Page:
It took the first defeat of his professional career for Nick Campbell to appreciate that the “winner stays on” mentality isn’t something restricted to the pool table down the pub.

The Scot’s journey through boxing’s heavyweight division suffered its first bump in the road in December when he was stopped by Steve Robinson in the fourth round of their bout in Bournemouth.

Campbell believes the defeat will not be damaging to his prospects in the long run as the former Glasgow Warriors forward looks to push on towards the elite end of the sport.

The loss, if anything, has served as a useful learning experience on what he needs to improve on if he is to keep working his way up the ranks.

But while the Jersey-based Glaswegian is not overly upset by losing the “oh” from his record, the defeat did have external ramifications, with promoter BOXXER terminating their association with Campbell, bringing with it an end to having all his bouts broadcast live on Sky Sports.

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The 33-year-old has also moved on from manager Mark Dunlop and into a new agreement with Lee Eaton who will co-manage Campbell alongside Billy Nelson, who also becomes his new trainer.

All that change would be disruptive for many fighters and a wounding blow to morale to some. Campbell, though, is philosophical about recent events as he looks to get going with the next chapter of his career, starting with a fight back in Glasgow next month.

“It’s all change for me but I’m seeing it as a positive thing,” he says. “My last manager Mark terminated my contract after my last fight. I had moved to train with Billy before that had happened and then Mark decided he didn’t want to manage me any more.

“He was a good manager and got me some really good opportunities so I don’t really want to say too much more than that. Lee and Billy have a good relationship and decided they want to co-manage me. So I’m managed by Lee and coached by Billy, who is also helping on the management side of things too.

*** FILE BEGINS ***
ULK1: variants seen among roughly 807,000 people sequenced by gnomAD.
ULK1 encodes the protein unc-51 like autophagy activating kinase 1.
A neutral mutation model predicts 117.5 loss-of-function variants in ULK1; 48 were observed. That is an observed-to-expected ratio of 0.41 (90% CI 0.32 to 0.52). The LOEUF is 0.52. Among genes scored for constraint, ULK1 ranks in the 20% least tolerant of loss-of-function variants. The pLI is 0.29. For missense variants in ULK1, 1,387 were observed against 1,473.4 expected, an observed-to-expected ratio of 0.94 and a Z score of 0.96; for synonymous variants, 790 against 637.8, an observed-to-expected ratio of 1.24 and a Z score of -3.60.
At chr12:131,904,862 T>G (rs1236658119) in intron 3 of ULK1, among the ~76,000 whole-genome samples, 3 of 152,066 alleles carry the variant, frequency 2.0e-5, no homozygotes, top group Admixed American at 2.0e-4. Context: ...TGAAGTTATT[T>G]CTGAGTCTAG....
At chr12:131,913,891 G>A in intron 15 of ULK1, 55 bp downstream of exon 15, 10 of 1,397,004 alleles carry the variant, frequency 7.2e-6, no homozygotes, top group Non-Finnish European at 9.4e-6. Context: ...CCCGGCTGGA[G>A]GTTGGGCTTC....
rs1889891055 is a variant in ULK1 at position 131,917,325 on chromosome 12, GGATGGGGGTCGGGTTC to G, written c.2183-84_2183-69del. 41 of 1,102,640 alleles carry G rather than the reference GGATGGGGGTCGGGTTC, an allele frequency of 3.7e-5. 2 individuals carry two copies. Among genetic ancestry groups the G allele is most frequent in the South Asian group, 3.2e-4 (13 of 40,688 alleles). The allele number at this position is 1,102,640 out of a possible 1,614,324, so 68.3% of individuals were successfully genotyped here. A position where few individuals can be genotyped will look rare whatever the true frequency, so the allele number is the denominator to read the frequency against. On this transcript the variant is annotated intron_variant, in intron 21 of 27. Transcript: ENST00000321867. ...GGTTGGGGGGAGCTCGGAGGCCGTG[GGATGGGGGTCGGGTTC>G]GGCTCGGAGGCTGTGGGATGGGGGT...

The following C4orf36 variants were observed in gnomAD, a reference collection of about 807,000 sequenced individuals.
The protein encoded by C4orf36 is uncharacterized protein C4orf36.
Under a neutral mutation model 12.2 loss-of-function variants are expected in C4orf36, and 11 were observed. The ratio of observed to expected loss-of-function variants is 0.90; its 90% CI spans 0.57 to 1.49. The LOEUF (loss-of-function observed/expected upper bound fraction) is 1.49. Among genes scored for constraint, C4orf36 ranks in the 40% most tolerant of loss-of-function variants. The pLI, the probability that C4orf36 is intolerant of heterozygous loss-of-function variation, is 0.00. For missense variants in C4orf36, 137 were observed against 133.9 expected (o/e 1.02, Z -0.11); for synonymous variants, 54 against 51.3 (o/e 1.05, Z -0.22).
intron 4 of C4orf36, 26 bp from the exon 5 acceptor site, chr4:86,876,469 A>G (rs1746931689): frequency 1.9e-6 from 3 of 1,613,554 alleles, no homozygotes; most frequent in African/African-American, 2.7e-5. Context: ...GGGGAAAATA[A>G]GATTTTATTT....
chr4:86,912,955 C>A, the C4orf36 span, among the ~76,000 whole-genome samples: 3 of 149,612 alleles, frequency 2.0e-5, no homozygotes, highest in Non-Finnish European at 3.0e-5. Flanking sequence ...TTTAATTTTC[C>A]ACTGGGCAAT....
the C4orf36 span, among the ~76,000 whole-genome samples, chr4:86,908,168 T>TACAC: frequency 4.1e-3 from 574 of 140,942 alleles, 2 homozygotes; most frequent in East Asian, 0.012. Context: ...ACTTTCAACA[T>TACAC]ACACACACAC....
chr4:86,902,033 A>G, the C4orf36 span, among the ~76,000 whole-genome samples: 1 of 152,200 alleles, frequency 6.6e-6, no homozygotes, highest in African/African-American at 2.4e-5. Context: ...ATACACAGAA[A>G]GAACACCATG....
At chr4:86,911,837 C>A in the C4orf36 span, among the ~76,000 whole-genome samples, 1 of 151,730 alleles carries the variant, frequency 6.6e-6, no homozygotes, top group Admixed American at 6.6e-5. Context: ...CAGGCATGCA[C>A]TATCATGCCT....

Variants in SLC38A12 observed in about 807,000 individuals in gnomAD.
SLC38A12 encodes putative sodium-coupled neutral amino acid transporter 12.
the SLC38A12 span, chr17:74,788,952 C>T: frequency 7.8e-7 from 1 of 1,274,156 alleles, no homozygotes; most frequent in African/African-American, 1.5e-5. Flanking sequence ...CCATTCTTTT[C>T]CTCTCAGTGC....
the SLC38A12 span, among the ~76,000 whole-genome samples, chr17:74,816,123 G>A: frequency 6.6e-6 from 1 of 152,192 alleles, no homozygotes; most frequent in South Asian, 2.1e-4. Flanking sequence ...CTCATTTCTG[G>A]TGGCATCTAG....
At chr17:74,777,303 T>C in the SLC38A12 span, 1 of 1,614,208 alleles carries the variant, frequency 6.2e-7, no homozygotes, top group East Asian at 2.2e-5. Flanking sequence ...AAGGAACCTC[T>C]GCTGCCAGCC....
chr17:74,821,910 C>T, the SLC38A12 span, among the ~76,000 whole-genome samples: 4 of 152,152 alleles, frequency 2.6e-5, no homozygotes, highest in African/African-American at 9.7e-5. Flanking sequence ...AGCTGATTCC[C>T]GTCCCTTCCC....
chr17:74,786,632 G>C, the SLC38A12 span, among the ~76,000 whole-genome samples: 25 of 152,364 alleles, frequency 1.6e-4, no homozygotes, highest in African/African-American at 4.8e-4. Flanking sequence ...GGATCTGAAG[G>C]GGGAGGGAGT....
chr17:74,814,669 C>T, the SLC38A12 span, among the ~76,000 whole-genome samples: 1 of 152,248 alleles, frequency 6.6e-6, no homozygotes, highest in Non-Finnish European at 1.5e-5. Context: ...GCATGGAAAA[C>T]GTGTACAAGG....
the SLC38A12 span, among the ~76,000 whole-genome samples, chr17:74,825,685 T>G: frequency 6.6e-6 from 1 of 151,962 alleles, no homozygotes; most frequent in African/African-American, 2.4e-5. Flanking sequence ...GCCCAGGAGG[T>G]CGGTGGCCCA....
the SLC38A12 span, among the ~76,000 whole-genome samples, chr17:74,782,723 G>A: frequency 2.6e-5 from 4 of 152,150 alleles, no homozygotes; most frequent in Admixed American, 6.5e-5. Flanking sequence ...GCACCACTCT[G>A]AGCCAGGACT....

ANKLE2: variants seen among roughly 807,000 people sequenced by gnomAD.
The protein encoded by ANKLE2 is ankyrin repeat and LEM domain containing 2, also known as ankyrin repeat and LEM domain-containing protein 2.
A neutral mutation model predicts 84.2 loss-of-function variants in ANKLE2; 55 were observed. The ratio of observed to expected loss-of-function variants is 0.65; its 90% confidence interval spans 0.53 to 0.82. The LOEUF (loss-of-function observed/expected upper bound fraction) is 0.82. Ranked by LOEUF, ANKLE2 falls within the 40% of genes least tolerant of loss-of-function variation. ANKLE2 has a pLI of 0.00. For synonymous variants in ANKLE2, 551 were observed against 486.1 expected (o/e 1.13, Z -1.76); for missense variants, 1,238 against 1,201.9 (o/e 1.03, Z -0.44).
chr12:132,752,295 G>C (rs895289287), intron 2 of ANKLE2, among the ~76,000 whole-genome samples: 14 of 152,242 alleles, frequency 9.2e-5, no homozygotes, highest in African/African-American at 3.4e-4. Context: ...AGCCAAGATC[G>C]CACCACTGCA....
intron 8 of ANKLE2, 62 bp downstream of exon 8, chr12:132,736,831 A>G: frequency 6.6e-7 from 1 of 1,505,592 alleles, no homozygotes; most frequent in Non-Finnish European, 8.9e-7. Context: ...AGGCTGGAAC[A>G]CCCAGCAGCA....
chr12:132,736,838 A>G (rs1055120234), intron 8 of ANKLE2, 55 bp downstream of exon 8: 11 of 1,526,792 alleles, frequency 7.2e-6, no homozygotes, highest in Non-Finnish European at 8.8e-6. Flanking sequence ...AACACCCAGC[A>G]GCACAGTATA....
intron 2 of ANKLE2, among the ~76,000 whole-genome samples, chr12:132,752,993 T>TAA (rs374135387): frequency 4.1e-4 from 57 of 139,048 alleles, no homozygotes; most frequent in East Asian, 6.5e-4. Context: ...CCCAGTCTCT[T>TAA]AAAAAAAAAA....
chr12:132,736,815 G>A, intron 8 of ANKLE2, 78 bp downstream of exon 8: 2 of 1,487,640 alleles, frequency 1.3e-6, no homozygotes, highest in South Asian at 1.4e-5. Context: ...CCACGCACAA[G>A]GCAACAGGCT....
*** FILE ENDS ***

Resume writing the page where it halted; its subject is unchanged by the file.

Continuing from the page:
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“At the moment I’m finished with BOXXER but never say never. I never left them on bad terms or fell out with them. It’s just the winner-stays-on mentality in that environment. I need to earn the right to get back on that stage and that’s what I’m planning on doing.

“I’m extremely grateful for the opportunities BOXXER gave me and hopefully in the upcoming months or over the next year I might get another chance to work with them again and get back on Sky Sports. But there are other good promoters out there and I’m a free agent on that front so I’m willing to listen to anybody out there. And if the right opportunity comes along, I’ll take it.

“I knew what I was signing up to when I turned professional so I’ve not been too disheartened by what’s happened. I’ve been a professional athlete for a long time. I can think back to my rugby days and not getting picked for a team or a squad. You can’t take it too personally. You have to try to improve to become the best version of yourself and look to get back to where you want to be.”

Teaming up with Eaton, who runs Let’s Go Management, and Nelson is no hardship either.

The Greengairs-based trainer was pivotal in Ricky Burns’ early career success and is now working with another world title prospect in Martin Bakole.

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“I’m travelling between Jersey and Glasgow now for training,” explains Campbell. “When I’m in camp, I’m going to be training with Billy out near Airdrie at his gym.

“Billy’s a great coach and a good teacher and that’s what I need at this stage. That was the reason for linking up with him. Billy was willing to work with me so having him in my corner at future fights will be quite a big thing. I thought it was a no-brainer to be honest.

“I’d sparred with big Martin a few times previously and now when I’m in Scotland we’re in the gym together every day. We’re getting rounds in regularly and I’m learning from him all the time. Even on the days when I’m not sparring I’m still in the gym and picking up bits and pieces every day.

“He’s ranked No.1 in the world by the WBA and in the top 10 with most of the other governing bodies so it’s good to learn from a guy like that and try to pick up as much as I possibly can. I won’t go far wrong if I can try to follow in Martin’s footsteps.”